Pelinka is the son of Robert Todd Pelinka, Sr., a former high school basketball coach who taught him the fundamentals of basketball.[1][7] He became a high school All-American basketball player at Lake Forest High School.[3][8] Regarded as one of the best shooters in the Chicago area,[9][10] the 6 ft 3.5 in (1.92 m) junior led Lake Forest to their first conference championship as an all-conference guard.[11][12] However, the team lost in the first round of postseason play in 1987.[13] Pelinka also played in the Chicago pro-amateur leagues where he played against local stars such as Mark Aguirre, Tim Hardaway, Kevin Duckworth and Kendall Gill.[7]

By his senior season, he was listed at 6 ft 6 in (1.98 m), and moved to the point guard position from the shooting guard position in the absence of Douglass, who had graduated and joined future Big Ten opponent Wisconsin, as a starting point guard.[1][14] As a senior, Pelinka was a preseason selection by the Chicago Sun-Times as one of the top 50 Chicago metropolitan area high school basketball players and top five North Suburban players.[15][16] However, he was not a national preseason top 500 pick by Street & Smith's basketball magazine, which may have been because his senior season marked the first season that the three-point shot was adopted by state high school associations and Pelinka was mainly a shooter.[17] Furthermore, scouts such as Chicago-based David Kaplan, who questioned his true height and dribbling ability, doubted whether he was talented enough to play for either of his targeted colleges (Michigan and Notre Dame) even in late December of his senior year despite his having had multiple 30-point efforts already.[18]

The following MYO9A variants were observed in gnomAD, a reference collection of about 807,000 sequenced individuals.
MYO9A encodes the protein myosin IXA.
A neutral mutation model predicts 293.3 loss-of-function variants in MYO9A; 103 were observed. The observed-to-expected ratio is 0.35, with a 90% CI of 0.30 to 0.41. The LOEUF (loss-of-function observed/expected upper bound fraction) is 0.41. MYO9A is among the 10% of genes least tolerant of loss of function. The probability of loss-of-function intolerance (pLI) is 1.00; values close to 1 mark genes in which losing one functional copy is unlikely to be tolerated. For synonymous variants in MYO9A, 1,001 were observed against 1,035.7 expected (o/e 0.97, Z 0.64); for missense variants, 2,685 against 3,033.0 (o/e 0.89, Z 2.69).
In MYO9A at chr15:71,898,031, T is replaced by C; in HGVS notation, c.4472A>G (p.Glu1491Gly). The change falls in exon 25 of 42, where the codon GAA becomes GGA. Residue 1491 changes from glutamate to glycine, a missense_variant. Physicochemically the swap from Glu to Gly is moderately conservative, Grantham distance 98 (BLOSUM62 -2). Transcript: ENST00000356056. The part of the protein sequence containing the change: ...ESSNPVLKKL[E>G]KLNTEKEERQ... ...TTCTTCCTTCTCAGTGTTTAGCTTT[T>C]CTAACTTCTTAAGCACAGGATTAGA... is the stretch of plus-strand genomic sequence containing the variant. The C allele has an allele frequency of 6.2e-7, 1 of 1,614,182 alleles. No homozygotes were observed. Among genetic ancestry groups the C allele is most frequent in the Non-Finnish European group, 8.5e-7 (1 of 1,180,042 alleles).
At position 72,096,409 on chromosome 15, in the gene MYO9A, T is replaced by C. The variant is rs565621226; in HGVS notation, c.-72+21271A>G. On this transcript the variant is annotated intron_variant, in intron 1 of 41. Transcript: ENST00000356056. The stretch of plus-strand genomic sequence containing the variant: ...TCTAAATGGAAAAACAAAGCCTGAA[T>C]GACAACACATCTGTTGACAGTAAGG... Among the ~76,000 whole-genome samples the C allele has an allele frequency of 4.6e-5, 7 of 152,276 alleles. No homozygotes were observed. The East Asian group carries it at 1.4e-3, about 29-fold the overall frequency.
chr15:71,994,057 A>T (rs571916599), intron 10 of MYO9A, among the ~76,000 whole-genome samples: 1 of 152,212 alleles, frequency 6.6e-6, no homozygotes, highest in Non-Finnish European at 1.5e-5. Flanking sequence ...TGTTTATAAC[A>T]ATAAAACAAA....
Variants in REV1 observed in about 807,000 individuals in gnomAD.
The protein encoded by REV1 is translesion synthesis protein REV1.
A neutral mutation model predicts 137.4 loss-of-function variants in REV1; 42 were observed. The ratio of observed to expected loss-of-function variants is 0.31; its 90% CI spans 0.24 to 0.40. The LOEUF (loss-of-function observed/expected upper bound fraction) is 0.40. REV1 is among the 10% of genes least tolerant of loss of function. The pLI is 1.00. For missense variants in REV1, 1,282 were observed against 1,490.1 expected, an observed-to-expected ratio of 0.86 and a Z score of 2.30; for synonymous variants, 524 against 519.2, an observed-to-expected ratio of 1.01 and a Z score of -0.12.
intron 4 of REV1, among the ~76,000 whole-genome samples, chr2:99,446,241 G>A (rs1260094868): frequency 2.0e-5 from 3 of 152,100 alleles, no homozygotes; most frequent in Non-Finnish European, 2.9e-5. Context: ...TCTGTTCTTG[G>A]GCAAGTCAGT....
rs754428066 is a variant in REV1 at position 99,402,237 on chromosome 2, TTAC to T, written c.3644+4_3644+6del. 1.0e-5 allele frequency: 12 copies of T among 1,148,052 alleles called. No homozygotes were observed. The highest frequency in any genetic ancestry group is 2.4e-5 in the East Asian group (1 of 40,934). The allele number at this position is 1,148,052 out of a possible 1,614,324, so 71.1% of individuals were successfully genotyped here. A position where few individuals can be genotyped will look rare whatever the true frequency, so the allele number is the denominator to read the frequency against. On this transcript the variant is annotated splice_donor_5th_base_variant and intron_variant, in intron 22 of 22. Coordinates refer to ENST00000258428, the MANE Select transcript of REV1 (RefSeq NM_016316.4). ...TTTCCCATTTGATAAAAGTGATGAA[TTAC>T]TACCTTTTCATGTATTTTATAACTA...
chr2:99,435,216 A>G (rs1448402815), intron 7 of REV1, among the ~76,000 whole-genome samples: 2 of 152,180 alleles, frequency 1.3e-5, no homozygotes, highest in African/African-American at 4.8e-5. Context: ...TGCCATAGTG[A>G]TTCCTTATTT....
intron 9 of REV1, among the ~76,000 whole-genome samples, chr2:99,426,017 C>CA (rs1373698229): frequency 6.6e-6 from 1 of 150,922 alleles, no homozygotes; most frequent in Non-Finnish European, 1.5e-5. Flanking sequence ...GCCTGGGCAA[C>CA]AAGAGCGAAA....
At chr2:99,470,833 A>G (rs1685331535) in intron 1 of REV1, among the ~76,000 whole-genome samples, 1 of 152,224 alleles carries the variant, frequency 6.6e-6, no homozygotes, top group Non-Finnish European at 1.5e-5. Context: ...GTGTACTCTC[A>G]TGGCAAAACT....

During the four-game December 1987 Elgin tournament, in which he was named MVP, Pelinka made all 41 of his free throws and recorded a tournament record 139 points, including 45 in one game.[19][20] Pelinka's streak of consecutive free throws made ended at 45,[21] but later recounts showed he had 42 free throws in the tournament and 46 consecutive overall, which ranked fourth in Illinois high school basketball history at the time of his graduation.[22] After his tournament performance, Pelinka responded through the press to a scout who felt he might be limited to Division II or mid-major programs such as William & Mary that since he was able to score 45 points against a player committed to play for DePaul, he could succeed at the Division I high-major level.[23] He had only been recruited by William & Mary, Navy, Wisconsin-Green Bay and Ivy League schools before his tournament performance. Afterwards, at least three Big Ten Conference schools showed interest—Illinois, Minnesota and Wisconsin—although no scouts were allowed to attend any games before February 8.[24]